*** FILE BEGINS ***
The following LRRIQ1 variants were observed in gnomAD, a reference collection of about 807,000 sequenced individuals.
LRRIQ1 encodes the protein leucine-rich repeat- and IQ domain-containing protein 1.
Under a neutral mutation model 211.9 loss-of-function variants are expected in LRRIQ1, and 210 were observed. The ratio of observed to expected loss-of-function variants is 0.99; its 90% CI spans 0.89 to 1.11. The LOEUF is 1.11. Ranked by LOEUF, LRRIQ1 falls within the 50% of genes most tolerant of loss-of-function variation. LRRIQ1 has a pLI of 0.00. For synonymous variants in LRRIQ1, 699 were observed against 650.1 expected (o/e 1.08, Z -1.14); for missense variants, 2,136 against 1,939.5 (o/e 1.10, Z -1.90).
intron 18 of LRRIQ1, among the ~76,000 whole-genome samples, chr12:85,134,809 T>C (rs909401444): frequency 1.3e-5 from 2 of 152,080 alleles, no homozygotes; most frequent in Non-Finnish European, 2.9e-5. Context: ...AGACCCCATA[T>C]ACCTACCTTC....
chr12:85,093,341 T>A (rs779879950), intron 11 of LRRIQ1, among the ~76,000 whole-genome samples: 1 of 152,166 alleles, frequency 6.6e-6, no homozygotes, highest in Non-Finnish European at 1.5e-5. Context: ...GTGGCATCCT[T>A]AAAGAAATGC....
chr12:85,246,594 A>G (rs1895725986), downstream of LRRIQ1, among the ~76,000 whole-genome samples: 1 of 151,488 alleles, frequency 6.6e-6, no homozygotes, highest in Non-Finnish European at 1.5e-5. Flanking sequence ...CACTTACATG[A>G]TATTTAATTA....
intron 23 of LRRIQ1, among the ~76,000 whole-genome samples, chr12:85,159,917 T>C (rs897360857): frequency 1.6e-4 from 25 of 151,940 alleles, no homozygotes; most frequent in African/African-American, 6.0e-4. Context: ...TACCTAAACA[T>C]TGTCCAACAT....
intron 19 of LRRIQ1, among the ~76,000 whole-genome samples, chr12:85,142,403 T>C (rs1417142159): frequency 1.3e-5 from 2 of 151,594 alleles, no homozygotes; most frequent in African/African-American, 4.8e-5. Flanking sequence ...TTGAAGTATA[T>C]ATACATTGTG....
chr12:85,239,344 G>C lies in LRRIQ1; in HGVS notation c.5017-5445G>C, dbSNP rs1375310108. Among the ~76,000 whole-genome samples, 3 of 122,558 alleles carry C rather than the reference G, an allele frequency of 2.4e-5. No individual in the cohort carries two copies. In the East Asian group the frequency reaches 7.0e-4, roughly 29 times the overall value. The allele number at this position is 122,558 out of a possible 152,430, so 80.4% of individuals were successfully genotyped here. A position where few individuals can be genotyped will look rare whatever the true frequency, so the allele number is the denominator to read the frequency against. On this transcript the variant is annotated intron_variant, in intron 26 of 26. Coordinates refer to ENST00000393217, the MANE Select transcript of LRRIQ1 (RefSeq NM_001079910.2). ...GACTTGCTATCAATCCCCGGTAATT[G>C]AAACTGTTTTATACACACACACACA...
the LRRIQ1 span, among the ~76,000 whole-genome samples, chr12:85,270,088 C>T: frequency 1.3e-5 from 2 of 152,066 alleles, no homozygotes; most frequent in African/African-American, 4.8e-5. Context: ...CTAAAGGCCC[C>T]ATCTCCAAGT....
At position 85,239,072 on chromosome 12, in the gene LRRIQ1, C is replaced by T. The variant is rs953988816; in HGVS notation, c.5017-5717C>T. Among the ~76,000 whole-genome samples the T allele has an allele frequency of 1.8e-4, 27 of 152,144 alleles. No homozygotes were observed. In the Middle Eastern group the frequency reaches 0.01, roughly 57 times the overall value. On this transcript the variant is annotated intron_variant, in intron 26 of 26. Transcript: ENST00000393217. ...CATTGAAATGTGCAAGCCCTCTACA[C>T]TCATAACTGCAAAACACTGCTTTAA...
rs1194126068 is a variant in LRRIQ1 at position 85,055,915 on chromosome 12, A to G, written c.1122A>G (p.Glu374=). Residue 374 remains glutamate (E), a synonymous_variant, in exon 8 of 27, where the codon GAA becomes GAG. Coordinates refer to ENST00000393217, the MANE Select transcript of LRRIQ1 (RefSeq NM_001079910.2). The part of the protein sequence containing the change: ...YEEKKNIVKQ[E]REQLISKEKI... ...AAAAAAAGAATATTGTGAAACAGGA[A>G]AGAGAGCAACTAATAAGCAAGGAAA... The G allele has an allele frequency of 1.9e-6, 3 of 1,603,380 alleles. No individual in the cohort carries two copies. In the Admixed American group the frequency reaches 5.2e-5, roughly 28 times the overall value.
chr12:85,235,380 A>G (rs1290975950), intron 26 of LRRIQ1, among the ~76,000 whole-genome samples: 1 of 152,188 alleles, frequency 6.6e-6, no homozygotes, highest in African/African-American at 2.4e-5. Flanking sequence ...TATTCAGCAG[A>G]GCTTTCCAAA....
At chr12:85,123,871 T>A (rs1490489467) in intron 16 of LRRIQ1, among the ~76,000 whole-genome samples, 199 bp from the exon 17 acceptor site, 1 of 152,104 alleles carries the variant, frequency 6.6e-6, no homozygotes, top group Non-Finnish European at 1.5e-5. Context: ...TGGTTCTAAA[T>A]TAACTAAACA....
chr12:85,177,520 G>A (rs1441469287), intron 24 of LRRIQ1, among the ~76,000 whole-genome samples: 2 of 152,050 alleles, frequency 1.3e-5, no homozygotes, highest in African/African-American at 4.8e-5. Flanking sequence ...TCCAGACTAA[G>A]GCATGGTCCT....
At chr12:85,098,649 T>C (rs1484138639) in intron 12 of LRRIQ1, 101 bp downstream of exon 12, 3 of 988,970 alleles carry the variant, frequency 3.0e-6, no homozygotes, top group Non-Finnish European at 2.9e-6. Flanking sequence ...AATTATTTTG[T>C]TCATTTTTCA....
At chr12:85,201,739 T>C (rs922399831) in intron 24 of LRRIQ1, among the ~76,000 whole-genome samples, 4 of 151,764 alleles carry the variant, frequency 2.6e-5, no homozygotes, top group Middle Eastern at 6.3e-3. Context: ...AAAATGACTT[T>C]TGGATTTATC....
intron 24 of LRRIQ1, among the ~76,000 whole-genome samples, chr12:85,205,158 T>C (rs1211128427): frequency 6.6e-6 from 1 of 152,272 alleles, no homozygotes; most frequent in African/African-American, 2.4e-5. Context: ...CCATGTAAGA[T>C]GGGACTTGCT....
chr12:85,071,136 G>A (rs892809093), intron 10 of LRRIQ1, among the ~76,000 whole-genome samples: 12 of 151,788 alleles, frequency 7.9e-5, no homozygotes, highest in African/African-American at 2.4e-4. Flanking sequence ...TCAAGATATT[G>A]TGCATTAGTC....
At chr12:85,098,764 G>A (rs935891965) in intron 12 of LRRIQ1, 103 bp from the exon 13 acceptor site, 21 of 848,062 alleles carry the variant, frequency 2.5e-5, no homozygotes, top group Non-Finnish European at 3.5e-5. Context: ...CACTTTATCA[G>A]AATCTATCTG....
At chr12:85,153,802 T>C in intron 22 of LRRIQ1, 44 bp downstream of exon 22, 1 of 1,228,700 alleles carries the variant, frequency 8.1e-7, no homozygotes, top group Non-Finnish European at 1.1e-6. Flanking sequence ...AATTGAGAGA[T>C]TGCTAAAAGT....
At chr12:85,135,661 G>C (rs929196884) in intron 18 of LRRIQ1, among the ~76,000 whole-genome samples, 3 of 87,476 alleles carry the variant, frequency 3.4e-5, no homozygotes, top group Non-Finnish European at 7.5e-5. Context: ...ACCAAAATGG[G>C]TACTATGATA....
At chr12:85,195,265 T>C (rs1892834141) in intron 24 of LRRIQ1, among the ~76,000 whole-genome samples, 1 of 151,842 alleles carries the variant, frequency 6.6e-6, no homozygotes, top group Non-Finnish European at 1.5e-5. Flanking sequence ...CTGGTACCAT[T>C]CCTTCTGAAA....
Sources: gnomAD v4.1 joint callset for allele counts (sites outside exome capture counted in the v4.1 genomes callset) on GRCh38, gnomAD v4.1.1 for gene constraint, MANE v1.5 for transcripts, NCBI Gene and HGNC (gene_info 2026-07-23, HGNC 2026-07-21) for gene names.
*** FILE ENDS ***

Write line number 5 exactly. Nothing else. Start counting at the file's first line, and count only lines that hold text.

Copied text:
chr12:85,093,341 T>A (rs779879950), intron 11 of LRRIQ1, among the ~76,000 whole-genome samples: 1 of 152,166 alleles, frequency 6.6e-6, no homozygotes, highest in Non-Finnish European at 1.5e-5. Context: ...GTGGCATCCT[T>A]AAAGAAATGC....